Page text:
Western Avenue Series, Part 1:
Dixie Highway Celebrates 100th Anniversary
Carol Flynn, RHS Newsletter Editor
Linda Lamberty, RHS Historian
The Good Roads Movement was founded in 1880, initially by bicycle enthusiasts, but other groups took the lead once automobiles became more popular. Good Road advocates pushed for new road construction and improved roadways throughout the country. They often involved themselves in local politics and these issues often became crucial factors in elections. As a result of this movement, major cross-country projects directly affecting Illinois came about. The first was the east-west Lincoln Highway in 1913.
Then in 1915, Carl G. Fisher, an Indiana entrepreneur who had business interests in both cars and real estate in Florida, envisioned a highway that would run from Chicago to Miami. Thus, the north-south Dixie Highway was born. In fact, where these two roads, the Lincoln Highway and the Dixie Highway, cross, just south of Chicago in Chicago Heights, is known as the “Crossroads of the Nation” to show their historical significance.
The Dixie was actually a system of interconnecting roads that wound its way through the middle of the country. In Illinois, the Dixie started in downtown Chicago at Michigan and Adams, ran south to 55th Street, turned west to Western Ave. and ran south on Western through Beverly Hills and Morgan Park. The Dixie continued south through a numberof towns in Illinois, crossing over into Indiana around Danville.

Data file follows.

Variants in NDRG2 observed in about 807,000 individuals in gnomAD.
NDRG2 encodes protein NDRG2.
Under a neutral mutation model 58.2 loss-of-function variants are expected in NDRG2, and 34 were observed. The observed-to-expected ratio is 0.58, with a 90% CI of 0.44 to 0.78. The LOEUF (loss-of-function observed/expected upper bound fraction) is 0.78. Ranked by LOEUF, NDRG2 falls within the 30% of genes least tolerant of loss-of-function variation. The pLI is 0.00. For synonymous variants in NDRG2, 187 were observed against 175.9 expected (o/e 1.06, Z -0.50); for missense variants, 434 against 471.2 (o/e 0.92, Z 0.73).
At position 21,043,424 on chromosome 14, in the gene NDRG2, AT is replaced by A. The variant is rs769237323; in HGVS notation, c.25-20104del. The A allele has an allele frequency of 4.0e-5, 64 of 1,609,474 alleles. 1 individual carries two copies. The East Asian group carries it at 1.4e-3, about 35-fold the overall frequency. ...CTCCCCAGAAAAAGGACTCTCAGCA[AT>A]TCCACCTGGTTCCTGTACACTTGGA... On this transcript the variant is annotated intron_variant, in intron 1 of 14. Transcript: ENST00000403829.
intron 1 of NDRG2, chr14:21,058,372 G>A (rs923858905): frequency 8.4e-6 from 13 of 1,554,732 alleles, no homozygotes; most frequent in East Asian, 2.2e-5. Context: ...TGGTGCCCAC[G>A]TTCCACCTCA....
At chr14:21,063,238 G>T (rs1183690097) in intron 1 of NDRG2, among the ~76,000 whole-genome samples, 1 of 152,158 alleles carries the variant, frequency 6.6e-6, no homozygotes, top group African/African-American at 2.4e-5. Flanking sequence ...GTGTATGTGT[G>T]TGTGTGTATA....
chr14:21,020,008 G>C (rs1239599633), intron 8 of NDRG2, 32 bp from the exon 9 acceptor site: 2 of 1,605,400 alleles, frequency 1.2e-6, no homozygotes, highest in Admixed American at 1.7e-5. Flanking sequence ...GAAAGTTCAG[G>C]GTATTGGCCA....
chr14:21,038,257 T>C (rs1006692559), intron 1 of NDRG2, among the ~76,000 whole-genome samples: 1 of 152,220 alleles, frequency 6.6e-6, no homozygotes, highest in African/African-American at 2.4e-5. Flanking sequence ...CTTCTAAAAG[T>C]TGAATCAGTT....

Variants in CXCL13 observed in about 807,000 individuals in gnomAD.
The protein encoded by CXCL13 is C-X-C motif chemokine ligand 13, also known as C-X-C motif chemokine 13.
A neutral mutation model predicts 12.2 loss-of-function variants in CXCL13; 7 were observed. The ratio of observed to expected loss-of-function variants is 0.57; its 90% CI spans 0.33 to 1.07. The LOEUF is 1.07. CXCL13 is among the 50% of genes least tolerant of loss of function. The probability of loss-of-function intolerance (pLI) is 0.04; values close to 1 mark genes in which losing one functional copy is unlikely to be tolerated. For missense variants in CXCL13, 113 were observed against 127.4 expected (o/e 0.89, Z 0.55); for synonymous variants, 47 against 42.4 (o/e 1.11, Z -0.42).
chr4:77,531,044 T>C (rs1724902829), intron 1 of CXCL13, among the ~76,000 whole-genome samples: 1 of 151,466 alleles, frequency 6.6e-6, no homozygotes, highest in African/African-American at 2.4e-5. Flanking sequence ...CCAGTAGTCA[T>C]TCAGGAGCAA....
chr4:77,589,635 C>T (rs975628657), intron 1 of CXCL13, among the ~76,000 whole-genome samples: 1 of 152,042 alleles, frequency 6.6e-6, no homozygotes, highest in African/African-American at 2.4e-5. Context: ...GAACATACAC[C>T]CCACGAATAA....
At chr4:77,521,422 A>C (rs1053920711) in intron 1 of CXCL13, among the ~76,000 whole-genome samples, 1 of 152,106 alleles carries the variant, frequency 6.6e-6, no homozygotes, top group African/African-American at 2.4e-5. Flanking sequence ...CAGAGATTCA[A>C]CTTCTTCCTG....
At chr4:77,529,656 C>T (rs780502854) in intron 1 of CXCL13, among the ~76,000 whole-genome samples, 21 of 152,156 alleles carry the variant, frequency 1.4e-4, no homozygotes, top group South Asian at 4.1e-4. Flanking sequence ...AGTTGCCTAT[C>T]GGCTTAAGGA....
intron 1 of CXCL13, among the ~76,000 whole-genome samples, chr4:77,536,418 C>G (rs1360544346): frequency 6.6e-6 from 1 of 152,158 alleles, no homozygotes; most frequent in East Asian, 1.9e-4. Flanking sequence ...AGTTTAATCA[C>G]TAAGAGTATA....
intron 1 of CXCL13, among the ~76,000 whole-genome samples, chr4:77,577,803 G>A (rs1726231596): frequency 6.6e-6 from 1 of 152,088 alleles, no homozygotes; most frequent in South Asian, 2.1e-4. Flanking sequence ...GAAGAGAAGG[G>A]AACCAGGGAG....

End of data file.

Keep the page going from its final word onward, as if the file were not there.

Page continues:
It should come as no surprise that local politics played a big part in the route of the Dixie Highway. Competition for a place on the highway was fierce, as that promised income from the many travelers who would pass through. The original plan was to have the highway start in Chicago, then immediately swing east into Indiana, Fisher’s home state. But the Illinois delegates to the planning meeting lobbied the other states for a greater role for “the Land of Lincoln.” As a result, the route selected ran from Chicago south for about 136 miles before turning east to Indiana. Eventually, throughout the country, over 5,000 miles of roadway became part of the Dixie Highway.
The Dixie Highway was marked with distinctive red and white “DH” signs. They were painted on poles and fence posts. In the late 1920s, numbers began to replace names in the growing highway system. As the federal interstate highway system began to be developed in earnest in the 1950s many of the old local routes throughout the country fell into disuse or were reconfigured. With the completion of Interstate 57 in Illinois, the Dixie Highway lost its stature. However, it still remains a backbone for many of the communities it passes through. Today, in Illinois, much of the old Dixie Highway is now Illinois Route 1.
In Illinois, every year on the third Saturday in June, hundreds of vintage and modern automobiles take part in “Driving the Dixie,” a road trip that begins in Blue Island and ends in Momence. Along the way, drivers stop to tour historic points of interest, grab a snack, and have their “passports” stamped, to be eligible for prizes at the grand finish. For more information on this event, which is open to the public, visit the website, www.drivingthedixie.com.
Available from RHS is the Arcadia Publishing book, The Dixie Highway in Illinois, authored by James R. Wright of the Homewood Historical Society. Part of the Arcadia “Images of America” series, the book tells the story of the Dixie Highway in Illinois mainly through historic photos and captions. RHS supplied photos of Western Ave. through Beverly/Morgan Park.
To purchase a copy, contact the RHS office at 773/881-1675 or firstname.lastname@example.org.